A conversation about reference books overheard in Dave's mindscape.
Devon: Hey Dave, there are some new editions of science dictionaries available, namely Oxford Dictionary of Chemistry, and Biology. Are you going to get them?
Dave: With only 200-300 new entries in each one, I don't think that provides enough value to purchase a newer edition. I bought the current ones in 2006, and they're the 2003/2004 editions, so the contents are reasonably recent. This brings to mind the whole issue of printed reference works in the digital age -- are they still relevant?
Devon: I think that's the Achilles heel with any printed reference works -- not being up to date. You mentioned this issue in talking about buying printed science dictionaries before, that books still have the advantage of being portable, editor reviewed, and at times convenient.
Dave: Those advantages still hold true, although the quality of web information has improved too, and the updated aspects is a strong plus for internet information. This issue is exemplified by another recent quandary. I saw a used and good condition set of Encyclopedia Britannica in a thrift store. It was the 15th edition from 1976. $60 for the 20 volumes of Macropedia plus Propedia, and $40 for the set of 10 volumes of Micropedia.
Devon: At less than $5 per volume, that seems like a great buy, considering a new set costs $1300. That's about 1/13 the price!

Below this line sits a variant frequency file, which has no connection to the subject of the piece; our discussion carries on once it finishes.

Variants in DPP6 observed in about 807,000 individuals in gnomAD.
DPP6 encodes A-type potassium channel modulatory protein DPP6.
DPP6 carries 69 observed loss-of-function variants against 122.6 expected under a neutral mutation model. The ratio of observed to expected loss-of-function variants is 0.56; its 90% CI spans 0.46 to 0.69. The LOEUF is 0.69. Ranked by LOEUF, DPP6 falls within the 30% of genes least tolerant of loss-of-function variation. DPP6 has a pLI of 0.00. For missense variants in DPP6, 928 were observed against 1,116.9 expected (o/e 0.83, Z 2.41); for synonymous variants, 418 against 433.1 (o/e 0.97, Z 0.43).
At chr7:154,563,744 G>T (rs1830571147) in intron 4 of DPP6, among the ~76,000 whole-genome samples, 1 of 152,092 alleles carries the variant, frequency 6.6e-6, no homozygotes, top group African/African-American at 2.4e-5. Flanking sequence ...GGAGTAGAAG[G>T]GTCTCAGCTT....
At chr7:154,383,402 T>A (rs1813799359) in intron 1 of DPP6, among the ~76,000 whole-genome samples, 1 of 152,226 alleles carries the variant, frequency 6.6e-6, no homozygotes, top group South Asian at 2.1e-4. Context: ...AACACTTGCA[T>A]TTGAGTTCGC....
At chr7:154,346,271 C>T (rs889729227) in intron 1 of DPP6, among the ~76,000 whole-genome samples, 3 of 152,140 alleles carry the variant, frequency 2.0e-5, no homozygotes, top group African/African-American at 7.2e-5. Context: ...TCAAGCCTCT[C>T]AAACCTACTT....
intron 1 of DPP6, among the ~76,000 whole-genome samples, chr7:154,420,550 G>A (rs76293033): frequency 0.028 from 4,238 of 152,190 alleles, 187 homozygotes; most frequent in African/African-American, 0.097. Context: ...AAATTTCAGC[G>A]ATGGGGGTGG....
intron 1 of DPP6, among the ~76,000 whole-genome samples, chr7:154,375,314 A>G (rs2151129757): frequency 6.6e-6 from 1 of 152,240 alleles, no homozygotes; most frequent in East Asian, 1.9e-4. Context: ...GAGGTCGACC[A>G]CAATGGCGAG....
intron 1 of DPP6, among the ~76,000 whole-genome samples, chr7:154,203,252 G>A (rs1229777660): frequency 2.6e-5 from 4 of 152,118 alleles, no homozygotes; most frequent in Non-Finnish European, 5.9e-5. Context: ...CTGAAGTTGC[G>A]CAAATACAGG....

Dave: That's right, yet the key drawback that stopped me from buying that impressive shelf anchor piece is that it is more than thirty years old. Furthermore, I could get the Britannica 2008 software for less than half that price. While the historic, biographical and fundamental information is still accurate, science and recent world developments in the last quarter century will be missing.
Devon: I can see why the printed encyclopedia market is in decline. If there was no digital alternative, the thrift store buy would be excellent. But the low-cost software and free internet sources available, spending $1000 or even $100 for a outdated dead-tree version doesn't seem to make sense anymore.
Dave: There were other encyclopedias at the thrift store too, such as World Book, Colliers, and New Book of Knowledge. And also CD encyclopedias such as Grolier's, Compton's, and Encarta from the before 1999. So in a sense all non-internet encyclopedias also face the same problem.
Wednesday, June 25, 2008
Whither the reference books
Labels: Britannica, dictionary, encyclopedias, reference, science